Abstract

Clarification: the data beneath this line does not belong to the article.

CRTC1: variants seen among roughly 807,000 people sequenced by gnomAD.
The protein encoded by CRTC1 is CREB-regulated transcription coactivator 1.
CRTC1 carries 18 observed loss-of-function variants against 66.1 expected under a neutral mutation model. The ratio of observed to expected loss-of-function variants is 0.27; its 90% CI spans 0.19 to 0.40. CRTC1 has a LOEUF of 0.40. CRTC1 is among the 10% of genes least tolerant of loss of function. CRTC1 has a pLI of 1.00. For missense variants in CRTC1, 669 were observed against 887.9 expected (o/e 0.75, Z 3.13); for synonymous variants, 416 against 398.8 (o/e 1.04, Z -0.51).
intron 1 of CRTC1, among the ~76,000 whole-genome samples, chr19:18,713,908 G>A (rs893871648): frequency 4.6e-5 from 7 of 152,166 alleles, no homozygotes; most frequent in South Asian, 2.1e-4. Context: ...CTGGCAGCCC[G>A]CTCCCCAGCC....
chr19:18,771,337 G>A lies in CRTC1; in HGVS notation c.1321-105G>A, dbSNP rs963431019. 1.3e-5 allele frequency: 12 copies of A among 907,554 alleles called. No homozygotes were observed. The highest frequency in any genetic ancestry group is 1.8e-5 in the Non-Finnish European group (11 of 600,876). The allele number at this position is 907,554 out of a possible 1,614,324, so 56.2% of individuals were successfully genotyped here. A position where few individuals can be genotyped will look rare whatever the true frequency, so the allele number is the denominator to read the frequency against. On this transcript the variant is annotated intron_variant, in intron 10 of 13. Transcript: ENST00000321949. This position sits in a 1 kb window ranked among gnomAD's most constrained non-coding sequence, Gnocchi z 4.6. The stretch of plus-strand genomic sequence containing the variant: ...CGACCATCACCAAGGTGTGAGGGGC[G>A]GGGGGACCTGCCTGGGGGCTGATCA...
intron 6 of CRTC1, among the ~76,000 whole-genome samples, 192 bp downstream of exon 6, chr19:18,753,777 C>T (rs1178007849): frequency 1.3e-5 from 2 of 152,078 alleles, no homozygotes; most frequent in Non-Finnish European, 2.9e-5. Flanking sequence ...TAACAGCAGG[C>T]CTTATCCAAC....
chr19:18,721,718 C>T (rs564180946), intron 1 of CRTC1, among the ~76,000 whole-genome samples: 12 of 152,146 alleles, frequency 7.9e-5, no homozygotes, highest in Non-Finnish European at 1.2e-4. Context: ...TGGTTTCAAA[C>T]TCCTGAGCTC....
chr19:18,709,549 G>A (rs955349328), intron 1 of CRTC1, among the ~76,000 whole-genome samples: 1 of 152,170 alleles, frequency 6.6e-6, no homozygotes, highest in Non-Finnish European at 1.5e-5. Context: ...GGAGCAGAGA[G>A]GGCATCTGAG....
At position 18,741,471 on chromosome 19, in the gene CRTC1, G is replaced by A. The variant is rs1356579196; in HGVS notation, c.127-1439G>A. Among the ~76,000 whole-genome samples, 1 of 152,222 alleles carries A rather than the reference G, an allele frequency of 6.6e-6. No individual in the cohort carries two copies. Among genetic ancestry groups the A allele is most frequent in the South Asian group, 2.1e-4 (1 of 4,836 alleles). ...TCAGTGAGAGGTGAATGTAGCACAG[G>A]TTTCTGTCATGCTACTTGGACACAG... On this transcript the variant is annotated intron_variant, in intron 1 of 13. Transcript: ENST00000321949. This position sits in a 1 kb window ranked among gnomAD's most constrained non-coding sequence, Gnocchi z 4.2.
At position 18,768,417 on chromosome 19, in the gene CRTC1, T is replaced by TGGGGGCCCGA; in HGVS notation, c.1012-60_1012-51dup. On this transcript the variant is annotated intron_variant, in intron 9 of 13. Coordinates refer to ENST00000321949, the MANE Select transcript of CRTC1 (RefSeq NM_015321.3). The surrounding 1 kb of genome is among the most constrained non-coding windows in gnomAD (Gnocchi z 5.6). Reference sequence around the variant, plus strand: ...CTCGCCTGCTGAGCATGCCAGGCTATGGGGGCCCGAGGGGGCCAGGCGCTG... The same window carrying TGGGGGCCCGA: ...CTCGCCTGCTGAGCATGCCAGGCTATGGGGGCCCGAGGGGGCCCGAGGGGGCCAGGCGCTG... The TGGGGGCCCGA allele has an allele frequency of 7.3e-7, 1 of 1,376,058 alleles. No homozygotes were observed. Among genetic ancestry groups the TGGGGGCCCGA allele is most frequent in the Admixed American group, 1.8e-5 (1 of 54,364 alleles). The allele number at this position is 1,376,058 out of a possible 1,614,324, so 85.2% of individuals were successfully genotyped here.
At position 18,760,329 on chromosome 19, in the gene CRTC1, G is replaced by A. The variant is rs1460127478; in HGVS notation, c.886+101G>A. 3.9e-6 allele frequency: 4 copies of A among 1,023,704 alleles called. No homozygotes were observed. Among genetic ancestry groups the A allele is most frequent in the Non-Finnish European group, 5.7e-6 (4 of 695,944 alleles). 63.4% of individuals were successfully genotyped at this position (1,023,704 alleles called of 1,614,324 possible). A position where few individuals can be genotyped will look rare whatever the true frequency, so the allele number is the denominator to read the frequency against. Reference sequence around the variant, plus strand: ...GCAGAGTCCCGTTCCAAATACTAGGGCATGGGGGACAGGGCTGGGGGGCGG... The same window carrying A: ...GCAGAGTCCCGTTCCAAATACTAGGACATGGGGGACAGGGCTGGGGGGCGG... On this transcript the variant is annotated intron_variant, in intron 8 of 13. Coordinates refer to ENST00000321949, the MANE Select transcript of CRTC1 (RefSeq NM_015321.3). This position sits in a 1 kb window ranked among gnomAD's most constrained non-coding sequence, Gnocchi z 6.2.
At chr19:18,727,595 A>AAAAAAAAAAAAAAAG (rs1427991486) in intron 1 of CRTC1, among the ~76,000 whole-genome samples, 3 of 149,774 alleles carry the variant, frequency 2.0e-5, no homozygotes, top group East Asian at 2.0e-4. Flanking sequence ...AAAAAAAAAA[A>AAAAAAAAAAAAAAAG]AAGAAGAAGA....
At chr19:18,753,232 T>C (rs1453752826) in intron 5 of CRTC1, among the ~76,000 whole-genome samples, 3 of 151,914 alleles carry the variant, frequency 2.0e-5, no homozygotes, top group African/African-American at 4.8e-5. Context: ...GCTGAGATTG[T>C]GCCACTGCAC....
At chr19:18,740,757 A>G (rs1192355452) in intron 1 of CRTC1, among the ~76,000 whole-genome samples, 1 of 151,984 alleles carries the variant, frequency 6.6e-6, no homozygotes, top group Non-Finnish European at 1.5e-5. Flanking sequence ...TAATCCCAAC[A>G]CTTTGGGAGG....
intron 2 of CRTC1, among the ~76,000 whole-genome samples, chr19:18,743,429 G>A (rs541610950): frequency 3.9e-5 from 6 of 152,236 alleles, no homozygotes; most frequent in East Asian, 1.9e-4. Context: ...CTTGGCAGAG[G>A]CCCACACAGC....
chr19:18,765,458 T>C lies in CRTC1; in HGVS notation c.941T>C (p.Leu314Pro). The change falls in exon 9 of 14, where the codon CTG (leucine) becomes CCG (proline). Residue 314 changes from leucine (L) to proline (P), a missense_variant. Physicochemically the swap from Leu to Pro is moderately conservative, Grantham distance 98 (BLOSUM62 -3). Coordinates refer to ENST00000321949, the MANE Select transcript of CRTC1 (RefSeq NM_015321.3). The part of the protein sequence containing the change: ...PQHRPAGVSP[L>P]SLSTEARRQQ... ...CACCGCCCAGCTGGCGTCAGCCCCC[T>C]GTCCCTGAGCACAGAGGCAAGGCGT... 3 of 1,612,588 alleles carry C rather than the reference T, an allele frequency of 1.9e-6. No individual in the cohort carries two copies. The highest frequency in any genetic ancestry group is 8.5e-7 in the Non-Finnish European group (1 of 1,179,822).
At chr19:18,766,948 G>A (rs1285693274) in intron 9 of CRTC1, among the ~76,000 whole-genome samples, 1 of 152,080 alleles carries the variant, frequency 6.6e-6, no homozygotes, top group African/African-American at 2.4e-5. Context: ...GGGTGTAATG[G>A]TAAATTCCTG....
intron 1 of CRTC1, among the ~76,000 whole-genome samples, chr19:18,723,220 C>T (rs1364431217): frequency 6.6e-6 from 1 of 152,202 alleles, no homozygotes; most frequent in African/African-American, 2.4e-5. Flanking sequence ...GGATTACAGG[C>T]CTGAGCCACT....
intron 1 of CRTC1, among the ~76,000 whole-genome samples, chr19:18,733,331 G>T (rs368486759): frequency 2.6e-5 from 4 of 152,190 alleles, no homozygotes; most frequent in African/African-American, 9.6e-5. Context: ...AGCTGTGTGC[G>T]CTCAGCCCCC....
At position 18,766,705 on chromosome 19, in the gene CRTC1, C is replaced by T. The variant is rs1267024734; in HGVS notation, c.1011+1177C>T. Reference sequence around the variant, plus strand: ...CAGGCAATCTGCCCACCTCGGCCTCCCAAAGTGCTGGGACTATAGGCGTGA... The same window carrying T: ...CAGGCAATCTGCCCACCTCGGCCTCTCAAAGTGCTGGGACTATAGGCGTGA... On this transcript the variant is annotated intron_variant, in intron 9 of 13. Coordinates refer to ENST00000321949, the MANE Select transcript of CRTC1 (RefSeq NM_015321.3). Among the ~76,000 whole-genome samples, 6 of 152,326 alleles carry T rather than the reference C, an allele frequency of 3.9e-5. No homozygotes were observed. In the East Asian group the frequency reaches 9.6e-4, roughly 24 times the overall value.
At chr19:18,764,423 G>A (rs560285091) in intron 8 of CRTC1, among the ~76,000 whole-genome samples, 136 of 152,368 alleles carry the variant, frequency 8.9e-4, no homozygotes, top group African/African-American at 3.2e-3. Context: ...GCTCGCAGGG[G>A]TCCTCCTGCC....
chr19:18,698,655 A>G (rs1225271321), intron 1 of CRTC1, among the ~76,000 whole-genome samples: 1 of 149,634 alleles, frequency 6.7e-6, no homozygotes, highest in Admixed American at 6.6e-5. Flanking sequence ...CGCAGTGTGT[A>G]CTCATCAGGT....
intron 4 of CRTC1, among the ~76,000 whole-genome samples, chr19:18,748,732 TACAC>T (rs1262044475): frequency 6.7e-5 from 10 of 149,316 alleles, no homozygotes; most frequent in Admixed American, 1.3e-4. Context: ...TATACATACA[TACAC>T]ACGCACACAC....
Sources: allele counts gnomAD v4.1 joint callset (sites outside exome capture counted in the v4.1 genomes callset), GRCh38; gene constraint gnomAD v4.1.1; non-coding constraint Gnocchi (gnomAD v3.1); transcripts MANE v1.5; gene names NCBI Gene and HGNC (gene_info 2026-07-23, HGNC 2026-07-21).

We report on the occurrence of a new high-pressure Ca-Al-silicate in localized shock melt pockets found in the feldspatic lunar meteorite Oued Awlitis 001 and discuss the implications of our discovery. The new mineral crystallized as tiny, micrometer-sized, acicular grains in shock melt pockets of roughly anorthitic bulk composition. Transmission electron microscopy based three-dimensional electron diffraction (3D ED) reveals that the CaAl4Si2O11 crystals are identical to the calcium aluminum silicate (CAS) phase first reported from static pressure experiments. The new mineral has a hexagonal structure, with a space group of P63/mmc and lattice parameters of a = 5.42(1) Å; c = 12.70(3) Å; V = 323(4) Å3; Z = 2. This is the first time 3D ED was applied to structure determination of an extraterrestrial mineral. The International Mineralogical Association (IMA) has approved this naturally formed CAS phase as the new mineral “donwilhelmsite” [CaAl4Si2O11], honoring the U.S. lunar geologist Don E. Wilhelms. On the Moon, donwilhelmsite can form from the primordial feldspathic crust during impact cratering events. In the feldspatic lunar meteorite Oued Awlitis 001, needles of donwilhelmsite crystallized in ~200 mm sized shock melt pockets of anorthositic-like chemical composition. These melt pockets quenched within milliseconds during declining shock pressures. Shock melt pockets in meteorites serve as natural crucibles mimicking the conditions expected in the Earth's mantle. Donwilhelmsite forms in the Earth's mantle during deep recycling of aluminous crustal materials, and is a key host for Al and Ca of subducted sediments in most of the transition zone and the uppermost lower mantle (460–700 km). Donwilhelmsite bridges the gap between kyanite and the Ca-component of clinopyroxene at low pressures and the Al-rich Ca-ferrite phase and Ca-perovskite at high-pressures. In ascending buoyant mantle plumes, at about 460 km depth, donwilhelmsite is expected to break down into minerals such as garnet, kyanite, and clinopyroxene. This process may trigger minor partial melting, releasing a range of incompatible minor and trace elements and contributing to the enriched mantle (EM1 and EM2) components associated with subducted sedimentary lithologies.

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